The A.O. Smith Co. in Milwaukee, Wisconsin, starting in 1899 began the manufacture of lightweight automobile frames. This new product soon became to be used by most of the automakers in the country. The Company is still in business today and manufactures water heaters, boilers and water purification equipment.

Smith Motor Wheel Patent 2

Smith Motor Wheel Patent 1

Smith Motor Wheel Patent 3

19 responses to “The Auto Red Bug – Fun with Five Wheels for Youngsters

  1. I’ve done a (very) little research on these lately, but in my short experience the Briggs & Stratton Flyer (ca. 1919-24) in the first photo has two items I don’t recall seeing: the cooling fan added to the air-cooled engine (must have planned for some extended motoring to test the claims of 90-120 mpg), and the “ONT 22” license plate- front and back.

    • The fan cooling was one of the improvements made to the Motor Wheel after Briggs and Stratton purchased and began manufacturing the Motor Wheel and Flyers.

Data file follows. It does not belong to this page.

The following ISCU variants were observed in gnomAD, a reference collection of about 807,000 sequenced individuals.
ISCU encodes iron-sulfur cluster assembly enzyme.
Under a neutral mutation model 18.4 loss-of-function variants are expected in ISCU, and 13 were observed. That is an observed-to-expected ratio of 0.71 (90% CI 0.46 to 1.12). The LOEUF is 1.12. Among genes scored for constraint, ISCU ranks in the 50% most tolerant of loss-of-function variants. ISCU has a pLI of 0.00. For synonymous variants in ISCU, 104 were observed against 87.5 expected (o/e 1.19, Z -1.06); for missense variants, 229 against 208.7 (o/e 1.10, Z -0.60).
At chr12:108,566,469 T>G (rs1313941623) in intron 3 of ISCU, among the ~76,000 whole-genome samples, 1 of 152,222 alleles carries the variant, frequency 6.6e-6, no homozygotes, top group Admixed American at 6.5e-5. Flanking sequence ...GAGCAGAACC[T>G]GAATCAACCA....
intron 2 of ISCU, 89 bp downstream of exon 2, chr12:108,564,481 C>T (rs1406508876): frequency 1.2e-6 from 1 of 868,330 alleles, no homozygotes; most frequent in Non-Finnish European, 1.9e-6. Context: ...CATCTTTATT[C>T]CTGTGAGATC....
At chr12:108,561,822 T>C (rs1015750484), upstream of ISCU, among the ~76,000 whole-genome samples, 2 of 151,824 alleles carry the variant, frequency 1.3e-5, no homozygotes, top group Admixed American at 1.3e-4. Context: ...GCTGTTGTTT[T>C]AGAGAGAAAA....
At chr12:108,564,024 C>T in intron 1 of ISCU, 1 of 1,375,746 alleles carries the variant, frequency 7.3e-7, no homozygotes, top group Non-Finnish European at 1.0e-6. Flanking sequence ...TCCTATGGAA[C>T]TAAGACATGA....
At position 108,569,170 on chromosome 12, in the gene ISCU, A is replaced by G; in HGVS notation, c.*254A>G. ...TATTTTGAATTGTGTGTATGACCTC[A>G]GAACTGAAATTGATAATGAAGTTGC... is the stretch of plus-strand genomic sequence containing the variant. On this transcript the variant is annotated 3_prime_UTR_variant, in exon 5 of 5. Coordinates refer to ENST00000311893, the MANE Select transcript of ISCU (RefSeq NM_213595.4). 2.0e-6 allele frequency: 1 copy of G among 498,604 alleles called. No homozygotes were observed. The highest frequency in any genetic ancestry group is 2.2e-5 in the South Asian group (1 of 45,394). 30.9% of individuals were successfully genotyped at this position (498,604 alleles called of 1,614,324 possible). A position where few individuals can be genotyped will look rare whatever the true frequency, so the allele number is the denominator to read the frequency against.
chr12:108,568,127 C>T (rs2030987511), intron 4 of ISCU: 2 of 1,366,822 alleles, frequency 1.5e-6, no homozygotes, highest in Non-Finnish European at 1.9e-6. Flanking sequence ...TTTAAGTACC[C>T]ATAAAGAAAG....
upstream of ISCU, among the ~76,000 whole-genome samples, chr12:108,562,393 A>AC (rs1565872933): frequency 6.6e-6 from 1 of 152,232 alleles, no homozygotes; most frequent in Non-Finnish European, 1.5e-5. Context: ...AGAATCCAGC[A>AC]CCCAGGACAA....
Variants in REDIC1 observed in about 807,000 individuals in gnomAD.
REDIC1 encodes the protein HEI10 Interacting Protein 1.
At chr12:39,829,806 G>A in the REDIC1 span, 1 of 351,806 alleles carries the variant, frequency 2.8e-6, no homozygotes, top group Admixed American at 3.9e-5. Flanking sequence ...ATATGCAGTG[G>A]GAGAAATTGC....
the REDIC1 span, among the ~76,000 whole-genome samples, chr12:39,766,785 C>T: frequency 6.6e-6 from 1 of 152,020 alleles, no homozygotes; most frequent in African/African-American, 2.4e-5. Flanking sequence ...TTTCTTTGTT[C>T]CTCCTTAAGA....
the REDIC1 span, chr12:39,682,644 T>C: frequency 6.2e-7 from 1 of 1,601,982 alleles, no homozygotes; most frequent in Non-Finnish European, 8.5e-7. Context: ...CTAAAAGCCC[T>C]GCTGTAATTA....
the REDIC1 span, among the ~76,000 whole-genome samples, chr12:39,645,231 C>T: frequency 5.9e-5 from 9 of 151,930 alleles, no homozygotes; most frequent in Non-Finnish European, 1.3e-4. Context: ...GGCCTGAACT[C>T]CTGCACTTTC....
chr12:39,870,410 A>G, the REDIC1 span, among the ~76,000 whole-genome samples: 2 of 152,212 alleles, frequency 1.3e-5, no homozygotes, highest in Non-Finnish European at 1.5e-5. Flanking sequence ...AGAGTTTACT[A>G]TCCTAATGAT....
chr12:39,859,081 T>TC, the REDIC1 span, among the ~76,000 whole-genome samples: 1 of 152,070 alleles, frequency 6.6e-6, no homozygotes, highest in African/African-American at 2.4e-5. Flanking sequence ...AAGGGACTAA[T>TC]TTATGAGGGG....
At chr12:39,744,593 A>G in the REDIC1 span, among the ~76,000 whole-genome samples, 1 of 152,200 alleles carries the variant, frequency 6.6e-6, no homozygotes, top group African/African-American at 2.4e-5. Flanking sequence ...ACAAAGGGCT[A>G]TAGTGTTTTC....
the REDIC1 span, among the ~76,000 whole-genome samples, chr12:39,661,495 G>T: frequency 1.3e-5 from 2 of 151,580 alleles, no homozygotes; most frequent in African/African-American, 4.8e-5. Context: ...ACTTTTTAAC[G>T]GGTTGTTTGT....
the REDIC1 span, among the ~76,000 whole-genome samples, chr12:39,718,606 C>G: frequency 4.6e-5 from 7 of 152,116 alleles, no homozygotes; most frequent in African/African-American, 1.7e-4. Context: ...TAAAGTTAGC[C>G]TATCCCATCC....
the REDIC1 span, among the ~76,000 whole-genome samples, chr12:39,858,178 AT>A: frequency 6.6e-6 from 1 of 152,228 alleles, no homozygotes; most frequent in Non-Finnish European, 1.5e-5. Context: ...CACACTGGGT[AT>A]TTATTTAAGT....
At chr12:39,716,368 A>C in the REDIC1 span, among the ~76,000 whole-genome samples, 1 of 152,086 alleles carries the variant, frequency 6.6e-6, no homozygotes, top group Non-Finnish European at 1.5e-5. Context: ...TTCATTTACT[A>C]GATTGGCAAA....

• Hi Steve, I don’t recall the fan either on those. It appears, when they were mounted on bikes ( and such) cooling may not have been an issue, but on the “cars” it must have been. Can you imagine the “safety advocates” would have a field day today with that machine.

      • Howard, I’m with you. When I looked at the first picture, I was thinking how it would make today’s lawyers smack their lips.

  2. When I was four years old my Dad gave me my first car… well sort of. Being the creative person that he was he had taken an old REO reel mower, removed the blades (not sure why) welded it to an angle iron frame and created a go-cart for me. A spring loaded lever forced a pulley against the drive belt and a old steel tractor seat served as both a seat and cross member – I remember the seat well because I sat in it while the paint was still soft and left the wrinkled imprint of my pants bottom. It hand throttle mounted alongside the seat and a steering wheel made up out of bent and welded heavy wire completed the rig.